IT Governance is a leading global provider of information security solutions. Download our free guide and find out how ISO 27001 can help protect your organisation's information.

Cyber Security Service Supplier Directory

Cyber Security Service Supplier Directory

Free Access: Cyber Security Service Supplier Directory listing 5,000+ specialist service providers.

Jooble

Jooble

Jooble is a job search aggregator operating in 71 countries worldwide. We simplify the job search process by displaying active job ads from major job boards and career sites across the internet.

ZenGRC

ZenGRC

ZenGRC - the first, easy-to-use, enterprise-grade information security solution for compliance and risk management - offers businesses efficient control tracking, testing, and enforcement.

MIRACL

MIRACL

MIRACL provides the world’s only single step Multi-Factor Authentication (MFA) which can replace passwords on 100% of mobiles, desktops or even Smart TVs.

Perimeter 81

Perimeter 81

Perimeter 81 is a Zero Trust Network as a Service designed to simplify secure network, cloud and application access for the modern and distributed workforce.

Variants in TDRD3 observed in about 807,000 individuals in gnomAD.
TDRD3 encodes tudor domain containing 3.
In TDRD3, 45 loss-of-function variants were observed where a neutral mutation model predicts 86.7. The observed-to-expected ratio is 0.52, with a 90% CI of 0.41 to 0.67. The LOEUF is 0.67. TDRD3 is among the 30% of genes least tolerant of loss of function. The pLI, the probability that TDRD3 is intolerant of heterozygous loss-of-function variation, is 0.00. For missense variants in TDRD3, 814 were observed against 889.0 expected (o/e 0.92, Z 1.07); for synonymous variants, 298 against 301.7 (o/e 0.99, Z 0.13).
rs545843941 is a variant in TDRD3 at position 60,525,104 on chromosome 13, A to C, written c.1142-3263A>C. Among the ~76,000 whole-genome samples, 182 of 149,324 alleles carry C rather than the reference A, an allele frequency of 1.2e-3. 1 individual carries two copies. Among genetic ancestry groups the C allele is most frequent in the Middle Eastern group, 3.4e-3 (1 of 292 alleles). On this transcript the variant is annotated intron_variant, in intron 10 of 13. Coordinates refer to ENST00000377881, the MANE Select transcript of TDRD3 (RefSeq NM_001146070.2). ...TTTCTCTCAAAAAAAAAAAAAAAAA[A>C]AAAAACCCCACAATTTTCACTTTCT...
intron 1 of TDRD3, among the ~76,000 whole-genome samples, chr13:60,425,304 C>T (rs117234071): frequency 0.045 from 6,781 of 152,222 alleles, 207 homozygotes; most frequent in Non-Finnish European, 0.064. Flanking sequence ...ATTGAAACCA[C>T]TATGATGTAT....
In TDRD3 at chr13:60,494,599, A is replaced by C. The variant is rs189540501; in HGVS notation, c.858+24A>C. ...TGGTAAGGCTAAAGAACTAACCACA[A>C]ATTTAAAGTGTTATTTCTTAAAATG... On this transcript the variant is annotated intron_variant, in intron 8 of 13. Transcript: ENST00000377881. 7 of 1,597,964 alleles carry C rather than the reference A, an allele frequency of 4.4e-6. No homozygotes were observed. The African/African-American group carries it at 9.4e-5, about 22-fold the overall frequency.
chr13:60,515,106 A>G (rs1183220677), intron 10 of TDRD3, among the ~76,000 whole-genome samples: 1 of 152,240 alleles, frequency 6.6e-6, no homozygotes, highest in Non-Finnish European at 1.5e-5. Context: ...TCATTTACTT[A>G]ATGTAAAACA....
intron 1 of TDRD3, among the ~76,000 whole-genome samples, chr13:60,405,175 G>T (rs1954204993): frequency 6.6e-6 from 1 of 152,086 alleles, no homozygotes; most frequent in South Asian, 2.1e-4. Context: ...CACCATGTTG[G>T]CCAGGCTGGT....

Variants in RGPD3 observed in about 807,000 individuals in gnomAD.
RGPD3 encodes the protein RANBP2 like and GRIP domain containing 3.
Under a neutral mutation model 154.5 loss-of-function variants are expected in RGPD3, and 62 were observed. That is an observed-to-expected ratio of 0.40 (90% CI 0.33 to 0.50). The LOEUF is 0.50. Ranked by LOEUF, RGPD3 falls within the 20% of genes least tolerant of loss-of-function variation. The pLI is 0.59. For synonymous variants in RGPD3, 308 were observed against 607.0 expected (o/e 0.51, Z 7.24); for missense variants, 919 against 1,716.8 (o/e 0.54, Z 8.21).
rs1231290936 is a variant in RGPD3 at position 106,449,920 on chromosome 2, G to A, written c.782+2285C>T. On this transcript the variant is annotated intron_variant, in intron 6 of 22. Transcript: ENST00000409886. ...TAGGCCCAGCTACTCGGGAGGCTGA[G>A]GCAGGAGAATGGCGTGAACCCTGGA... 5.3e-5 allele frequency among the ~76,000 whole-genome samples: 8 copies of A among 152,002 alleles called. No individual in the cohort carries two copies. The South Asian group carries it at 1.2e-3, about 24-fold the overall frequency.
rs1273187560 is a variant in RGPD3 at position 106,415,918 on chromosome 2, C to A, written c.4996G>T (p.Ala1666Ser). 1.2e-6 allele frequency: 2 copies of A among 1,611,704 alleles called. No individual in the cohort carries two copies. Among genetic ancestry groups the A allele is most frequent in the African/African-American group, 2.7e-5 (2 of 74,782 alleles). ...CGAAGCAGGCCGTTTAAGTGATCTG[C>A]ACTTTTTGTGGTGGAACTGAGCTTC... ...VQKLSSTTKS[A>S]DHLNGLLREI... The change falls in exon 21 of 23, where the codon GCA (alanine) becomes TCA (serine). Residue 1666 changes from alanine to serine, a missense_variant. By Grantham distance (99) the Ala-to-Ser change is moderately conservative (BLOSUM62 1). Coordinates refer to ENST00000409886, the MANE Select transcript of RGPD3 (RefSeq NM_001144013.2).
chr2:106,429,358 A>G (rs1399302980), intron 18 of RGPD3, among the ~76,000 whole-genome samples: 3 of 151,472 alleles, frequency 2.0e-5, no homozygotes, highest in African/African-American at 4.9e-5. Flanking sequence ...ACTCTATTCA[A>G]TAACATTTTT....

Optimum Insurance

Optimum Insurance

Optimum's Cyber Risk & Data Protection Insurance policies are designed to protect against cyber exposures that arise when a company’s data and customer information is breached or stolen.

Beachhead Solutions

Beachhead Solutions

Beachhead's SimplySecure is a configurable, web-based management tool allowing you to remotely secure vulnerable mobile devices in your organization.

NATO Communications and Information Agency (NCIA)

NATO Communications and Information Agency (NCIA)

The NCIA Cyber Security Service Line is responsible for planning and executing all life cycle management activities for cyber security.

Agesic

Agesic

Agesic is an institution that leads the development of the Digital Government and the Information and Knowledge Society in Uruguay.

IdentityMind

IdentityMind

IdentityMind helps you win the fight against fraud, money laundering, human trafficking, and terrorist financing.

IP Twins

IP Twins

IP Twins offer a wide range of services related to domain names and online brand protection.

Cyber Defense by Q

Cyber Defense by Q

Cyber Defense by Q provides specialist consulting services in the areas of Information Security, Technical Security, Security Information and Event Management (SIEM), and Cloud Security.

Adit Ventures

Adit Ventures

Adit Ventures is a venture capital firm with a focus on dynamic growth sectors including AI & Machine Learning, Big Data, Cybersecurity and IoT.